“Do you know where your parents are?” Jim asked. Margot did not attempt to answer. She looked weakly at the American soldier who had come to her rescue. Jim knew there was nothing he could do to save her; instead, he held Margot’s hand, reassuring her, as he anticipated that moment when her chest would not rise again and her hand would be weightless in his. As her final breath released her spirit from her body, she whispered in German-accented English strange dying words that would haunt him until the end of his days.

“When you get back home, I have a special gift waiting for you,” Margot told him as he bent down his left ear to hear her. The poor girl is delusional, Jim thought as he returned, with a heavy heart, to his post.

*

Jim had no idea what fate had in store for him. From the moment he had stepped foot on American soil, there had not been one second that he did not think of Margot. He always felt her spirit hovering nearby, and even thought she was trying to talk to him. During his tour of duty, Jim had witnessed worse horrors, and the rape of young girls and women was, unfortunately, commonplace in times of war. The fact that Jim had avenged Margot’s rape felt like a hollow victory, and he was left with a vague sense of guilt.

One day, while Jim was reading the newspaper, he came across an advertisement for some land for sale in Bulloch County-$10 an acre for anyone willing to clear it. Margot’s incessant urging from the spirit world broke Jim down, and he bought the land, 2000 acres in the middle of the woods.  At first, he had no idea what he was going to do with so much land, as he had no vocation for agriculture, but quickly decided on horse breeding.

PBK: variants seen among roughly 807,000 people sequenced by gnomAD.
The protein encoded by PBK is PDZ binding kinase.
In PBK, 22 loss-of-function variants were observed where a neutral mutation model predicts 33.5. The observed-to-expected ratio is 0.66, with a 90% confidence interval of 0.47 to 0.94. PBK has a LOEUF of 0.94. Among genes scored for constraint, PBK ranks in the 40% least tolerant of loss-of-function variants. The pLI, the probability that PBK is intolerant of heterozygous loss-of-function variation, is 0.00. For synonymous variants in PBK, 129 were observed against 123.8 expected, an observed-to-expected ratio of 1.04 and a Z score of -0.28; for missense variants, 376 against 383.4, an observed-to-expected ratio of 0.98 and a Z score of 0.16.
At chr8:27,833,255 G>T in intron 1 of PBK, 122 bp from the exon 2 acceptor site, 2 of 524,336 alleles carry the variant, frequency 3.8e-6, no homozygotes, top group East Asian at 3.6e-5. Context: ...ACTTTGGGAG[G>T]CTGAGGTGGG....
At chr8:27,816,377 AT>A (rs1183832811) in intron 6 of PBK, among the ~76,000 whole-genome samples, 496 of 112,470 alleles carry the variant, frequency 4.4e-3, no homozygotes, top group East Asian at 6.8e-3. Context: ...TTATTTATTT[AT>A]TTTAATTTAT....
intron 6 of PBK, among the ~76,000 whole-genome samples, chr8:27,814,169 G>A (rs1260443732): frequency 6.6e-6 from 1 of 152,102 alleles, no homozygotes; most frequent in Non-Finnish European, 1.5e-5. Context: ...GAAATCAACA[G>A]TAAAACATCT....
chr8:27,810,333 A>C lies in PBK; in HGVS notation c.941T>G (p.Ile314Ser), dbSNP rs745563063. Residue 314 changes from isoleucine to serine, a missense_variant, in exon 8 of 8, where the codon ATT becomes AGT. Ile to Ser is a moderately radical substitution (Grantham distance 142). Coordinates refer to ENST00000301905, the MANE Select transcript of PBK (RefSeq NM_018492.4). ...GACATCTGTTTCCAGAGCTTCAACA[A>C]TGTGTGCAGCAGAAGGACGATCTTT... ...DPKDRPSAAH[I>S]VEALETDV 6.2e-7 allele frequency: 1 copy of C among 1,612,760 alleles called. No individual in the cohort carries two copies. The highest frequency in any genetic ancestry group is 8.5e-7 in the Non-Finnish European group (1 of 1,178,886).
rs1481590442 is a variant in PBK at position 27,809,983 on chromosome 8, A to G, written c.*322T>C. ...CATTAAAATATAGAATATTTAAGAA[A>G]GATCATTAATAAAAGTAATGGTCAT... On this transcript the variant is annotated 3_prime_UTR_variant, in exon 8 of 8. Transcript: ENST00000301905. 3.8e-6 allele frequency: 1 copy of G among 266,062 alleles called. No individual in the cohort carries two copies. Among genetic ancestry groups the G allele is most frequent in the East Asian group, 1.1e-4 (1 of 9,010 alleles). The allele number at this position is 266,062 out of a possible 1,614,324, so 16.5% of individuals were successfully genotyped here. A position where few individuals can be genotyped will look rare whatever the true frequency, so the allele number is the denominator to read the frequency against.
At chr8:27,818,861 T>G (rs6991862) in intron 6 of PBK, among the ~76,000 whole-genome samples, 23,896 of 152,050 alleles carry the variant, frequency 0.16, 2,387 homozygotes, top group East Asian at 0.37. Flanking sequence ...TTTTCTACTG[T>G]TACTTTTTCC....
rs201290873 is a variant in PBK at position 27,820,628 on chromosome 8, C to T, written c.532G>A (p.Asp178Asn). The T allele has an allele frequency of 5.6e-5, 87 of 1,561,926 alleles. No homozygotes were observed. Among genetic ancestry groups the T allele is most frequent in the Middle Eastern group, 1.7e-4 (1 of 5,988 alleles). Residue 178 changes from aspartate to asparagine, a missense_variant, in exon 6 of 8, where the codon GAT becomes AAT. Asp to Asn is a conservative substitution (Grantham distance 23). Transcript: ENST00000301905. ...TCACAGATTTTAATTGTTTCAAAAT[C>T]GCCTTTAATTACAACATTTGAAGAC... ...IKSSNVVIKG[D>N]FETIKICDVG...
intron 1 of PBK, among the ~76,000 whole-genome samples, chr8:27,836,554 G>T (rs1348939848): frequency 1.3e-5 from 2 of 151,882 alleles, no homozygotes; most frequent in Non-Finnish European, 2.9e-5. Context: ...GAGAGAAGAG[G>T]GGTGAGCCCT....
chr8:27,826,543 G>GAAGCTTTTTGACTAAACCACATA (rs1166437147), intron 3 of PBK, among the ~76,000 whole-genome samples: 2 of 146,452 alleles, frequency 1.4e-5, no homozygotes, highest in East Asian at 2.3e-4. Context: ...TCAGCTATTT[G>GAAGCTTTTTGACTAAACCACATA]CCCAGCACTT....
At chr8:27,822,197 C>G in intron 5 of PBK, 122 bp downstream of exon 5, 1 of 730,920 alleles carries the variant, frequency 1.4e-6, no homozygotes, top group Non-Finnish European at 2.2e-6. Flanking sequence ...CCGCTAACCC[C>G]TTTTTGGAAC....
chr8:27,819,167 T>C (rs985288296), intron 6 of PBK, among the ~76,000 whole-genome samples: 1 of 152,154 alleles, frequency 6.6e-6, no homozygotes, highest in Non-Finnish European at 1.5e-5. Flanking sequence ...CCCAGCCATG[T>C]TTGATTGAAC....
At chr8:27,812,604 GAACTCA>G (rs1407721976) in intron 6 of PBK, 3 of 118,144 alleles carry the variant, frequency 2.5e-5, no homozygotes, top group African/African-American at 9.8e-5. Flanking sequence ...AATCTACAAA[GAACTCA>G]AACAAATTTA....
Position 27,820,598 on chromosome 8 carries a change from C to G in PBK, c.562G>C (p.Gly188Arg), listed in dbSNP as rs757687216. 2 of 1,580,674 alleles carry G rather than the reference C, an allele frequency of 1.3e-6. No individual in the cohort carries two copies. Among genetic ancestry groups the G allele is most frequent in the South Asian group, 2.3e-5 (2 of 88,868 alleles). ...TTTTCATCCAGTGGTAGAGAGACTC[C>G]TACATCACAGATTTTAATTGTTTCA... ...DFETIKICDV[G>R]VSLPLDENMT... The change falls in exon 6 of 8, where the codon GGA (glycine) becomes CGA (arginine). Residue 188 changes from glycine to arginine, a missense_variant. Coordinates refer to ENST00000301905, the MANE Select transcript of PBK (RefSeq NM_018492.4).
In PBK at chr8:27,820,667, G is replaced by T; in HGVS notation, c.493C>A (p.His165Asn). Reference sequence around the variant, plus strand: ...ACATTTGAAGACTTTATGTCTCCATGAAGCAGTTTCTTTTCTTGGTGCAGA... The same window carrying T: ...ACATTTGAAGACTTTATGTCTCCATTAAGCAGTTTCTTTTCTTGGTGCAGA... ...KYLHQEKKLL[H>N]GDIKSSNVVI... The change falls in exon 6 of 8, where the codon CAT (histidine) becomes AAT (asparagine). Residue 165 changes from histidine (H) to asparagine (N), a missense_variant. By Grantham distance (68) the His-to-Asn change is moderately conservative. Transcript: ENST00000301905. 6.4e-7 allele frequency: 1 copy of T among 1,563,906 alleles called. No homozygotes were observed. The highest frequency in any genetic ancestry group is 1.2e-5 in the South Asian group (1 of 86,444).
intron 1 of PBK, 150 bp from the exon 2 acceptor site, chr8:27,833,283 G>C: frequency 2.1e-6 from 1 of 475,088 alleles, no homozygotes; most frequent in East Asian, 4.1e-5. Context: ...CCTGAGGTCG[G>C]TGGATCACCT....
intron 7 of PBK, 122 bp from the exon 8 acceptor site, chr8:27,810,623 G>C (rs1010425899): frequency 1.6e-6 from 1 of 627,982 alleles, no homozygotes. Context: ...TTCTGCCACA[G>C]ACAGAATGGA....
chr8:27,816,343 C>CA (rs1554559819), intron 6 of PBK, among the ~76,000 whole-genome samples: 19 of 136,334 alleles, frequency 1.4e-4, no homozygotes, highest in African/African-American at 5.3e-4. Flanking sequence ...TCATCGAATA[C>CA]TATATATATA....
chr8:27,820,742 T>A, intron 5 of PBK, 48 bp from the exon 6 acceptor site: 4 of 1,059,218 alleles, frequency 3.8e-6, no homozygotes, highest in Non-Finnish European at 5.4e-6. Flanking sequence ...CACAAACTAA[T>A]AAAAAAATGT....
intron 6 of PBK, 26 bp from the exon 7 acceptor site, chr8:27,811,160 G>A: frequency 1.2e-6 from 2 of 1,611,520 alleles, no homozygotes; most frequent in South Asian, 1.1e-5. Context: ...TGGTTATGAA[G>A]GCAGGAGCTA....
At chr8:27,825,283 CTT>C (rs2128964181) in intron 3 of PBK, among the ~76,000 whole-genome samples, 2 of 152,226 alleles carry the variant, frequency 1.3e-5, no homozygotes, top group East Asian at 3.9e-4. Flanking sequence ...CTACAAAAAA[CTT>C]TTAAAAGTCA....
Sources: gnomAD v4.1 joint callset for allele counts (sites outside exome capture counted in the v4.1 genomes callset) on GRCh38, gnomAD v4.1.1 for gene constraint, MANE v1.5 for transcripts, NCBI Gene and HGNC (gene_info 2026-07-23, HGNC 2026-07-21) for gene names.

Jim spent the next year clearing the land with his own hands. He did not recruit any help because he did not want his father to find out that he had squandered his mother’s meager inheritance to buy this useless piece of land at the insistence of a ghost. He first cleared a narrow zigzag road, reasoning this was would discourage horse theft. He then cleared all 2000 acres of the land with nothing but a chainsaw, a rented bulldozer, and an old pickup truck he bought from a friend. Each night Jim, by this time married with two stepsons, went home exhausted and with a backache, but he persevered until the whole was cleared for development.  He made a sizeable income selling logs, which kept his family comfortable.  Finally, he completed the long, arduous task of clearing the area and decided to ride his new horse, a beautiful Arabian mare, around to admire the results of his hard labor. He discovered a cave next to a small lake. The voice of Margot indicated that he was to meet her in there.

“The present I have promised you  It’s in there,” she told him.

Jim obediently went into the cave. Whereas before he only heard the voice of Margot in his head, once inside the cave, he saw her clear as day, as if she were there in physical form.